Operations define a simple functionality. They take input, apply their function to it and return a result. Operations cannot hold state, meaning they cannot store any data between consecutive calls. This also means that you cannot use any Process nodes (e.g. LFO, Damper,…​) in them as those are stateful and therefore can only be used in a stateful context which an operation does not provide.

There are two different types of operations in vl:

While static operations are on their own, operating only on data they are being fed with, the term member refers to the fact that those operations belong to and operate on the data of a datatype.

Definition vs. Application

Using the term "operation" alone can be ambiguous if not from the context it will be clear whether we actually mean an "operation definition" or an "application of the operation definition" which again is synonymous with "node".

Image:A static operation definition and its application as a node

Image:A member operation definition and its application as a node

Static operation definitions

Static operation definitions can be created directly in a document patch or in a group patch via the NodeBrowser.

vl Operations Static NodeBrowser.png
Choose to create an operation definition in the NodeBrowser

By default static operations have their Is Generic property set to true. Disabling it shows errors for all inputs and outputs of the operation whose datatype is not specified or cannot be infered.

vl Utils StaticOperation GenericToggle.png
The "Is Generic" toggle of an operation definition is on by default

Once created, the operation definition shows up in the NodeBrowser and can now be created as a node.

vl Operations Static MyOperation NodeBrowser.png
The newly created operation can now be selected via the NodeBrowser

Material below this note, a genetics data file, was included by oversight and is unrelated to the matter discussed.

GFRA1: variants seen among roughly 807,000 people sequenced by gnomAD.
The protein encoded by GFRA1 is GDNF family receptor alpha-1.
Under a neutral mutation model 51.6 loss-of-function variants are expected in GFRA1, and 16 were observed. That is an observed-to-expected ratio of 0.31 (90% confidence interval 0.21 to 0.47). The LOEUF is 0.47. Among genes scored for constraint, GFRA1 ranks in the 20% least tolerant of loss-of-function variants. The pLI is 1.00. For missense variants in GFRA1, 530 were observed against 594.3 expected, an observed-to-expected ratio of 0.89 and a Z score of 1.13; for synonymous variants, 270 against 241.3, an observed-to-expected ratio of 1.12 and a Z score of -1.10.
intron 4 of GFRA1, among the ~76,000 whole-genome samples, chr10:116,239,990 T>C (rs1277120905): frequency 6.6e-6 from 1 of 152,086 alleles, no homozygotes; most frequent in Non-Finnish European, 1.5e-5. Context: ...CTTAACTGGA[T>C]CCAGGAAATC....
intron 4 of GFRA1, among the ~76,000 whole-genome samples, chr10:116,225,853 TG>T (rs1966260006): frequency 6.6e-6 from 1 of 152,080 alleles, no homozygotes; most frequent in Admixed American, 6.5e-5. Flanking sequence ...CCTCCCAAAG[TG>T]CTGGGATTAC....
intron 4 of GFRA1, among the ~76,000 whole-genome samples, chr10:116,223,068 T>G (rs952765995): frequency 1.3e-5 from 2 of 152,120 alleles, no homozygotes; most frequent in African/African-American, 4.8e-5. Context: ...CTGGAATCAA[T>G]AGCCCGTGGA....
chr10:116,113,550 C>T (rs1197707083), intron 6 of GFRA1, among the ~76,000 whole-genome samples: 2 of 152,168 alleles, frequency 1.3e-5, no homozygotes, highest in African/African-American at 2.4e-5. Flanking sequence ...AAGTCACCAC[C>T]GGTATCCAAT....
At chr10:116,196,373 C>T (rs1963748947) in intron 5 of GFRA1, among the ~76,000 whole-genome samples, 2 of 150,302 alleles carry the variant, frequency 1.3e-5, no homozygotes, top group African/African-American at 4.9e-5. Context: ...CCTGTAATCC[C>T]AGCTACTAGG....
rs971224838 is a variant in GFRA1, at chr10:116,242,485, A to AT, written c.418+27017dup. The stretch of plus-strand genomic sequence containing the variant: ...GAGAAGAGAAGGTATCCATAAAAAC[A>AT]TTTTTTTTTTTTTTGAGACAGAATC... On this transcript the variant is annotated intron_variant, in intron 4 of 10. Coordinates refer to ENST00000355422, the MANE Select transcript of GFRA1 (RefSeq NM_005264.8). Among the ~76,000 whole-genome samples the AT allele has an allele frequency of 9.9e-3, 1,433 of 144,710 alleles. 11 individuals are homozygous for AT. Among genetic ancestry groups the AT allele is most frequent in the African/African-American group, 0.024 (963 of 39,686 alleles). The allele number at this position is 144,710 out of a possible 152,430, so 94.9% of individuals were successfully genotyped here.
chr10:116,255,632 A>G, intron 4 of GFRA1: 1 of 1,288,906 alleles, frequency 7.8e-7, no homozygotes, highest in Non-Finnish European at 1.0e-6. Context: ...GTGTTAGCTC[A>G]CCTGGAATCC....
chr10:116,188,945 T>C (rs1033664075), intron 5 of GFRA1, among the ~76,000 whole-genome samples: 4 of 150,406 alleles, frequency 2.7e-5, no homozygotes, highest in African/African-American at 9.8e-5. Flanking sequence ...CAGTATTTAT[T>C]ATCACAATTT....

Member operation definitions

Any operation defined as part of a datatype patch is a member operation.

Member operations are not surrounded by a rectangular definition region because they can interact with each other via pads and can in fact be quite distributed over a patch which would potentially result in many overlapping regions in a patch. Therefore instead member operations are distinguished by color.

Image:Two member operations exchanging data via a pad

Member operations in a patch can be defined either via the PatchExplorer…​

Image:Adding a member operation via the PatchExplorer

…​or by selecting an elements in the patch and choosing to assign them to a new operation via the context menu:

Image:Assigning a selection of inputs to a new operation

Operation Applications

As mentioned above the term Operation Application is synonymous with the term Node and therefore we’re here referring you to the chapter Nodes for further details.

Operation Signature

The signature of an operation comprises of its input- and output-pins and defines the order in which they show up on corresponding nodes.

For static operations the signature can be opened directly on the operation definition region. The signature of member operations can be accessed via the PatchExplorer.

Image:Signature of a static and a member operation

By default the order of pins is defined by their left-to-right placement in the patch. To override that behavior uncheck the "pin order" toggle and arrange the pins by drag-dropping them directly in the signature.

Doubleclicking a pins name allows you to rename it. A middleclick on a pin allows you to annotate it with a type.

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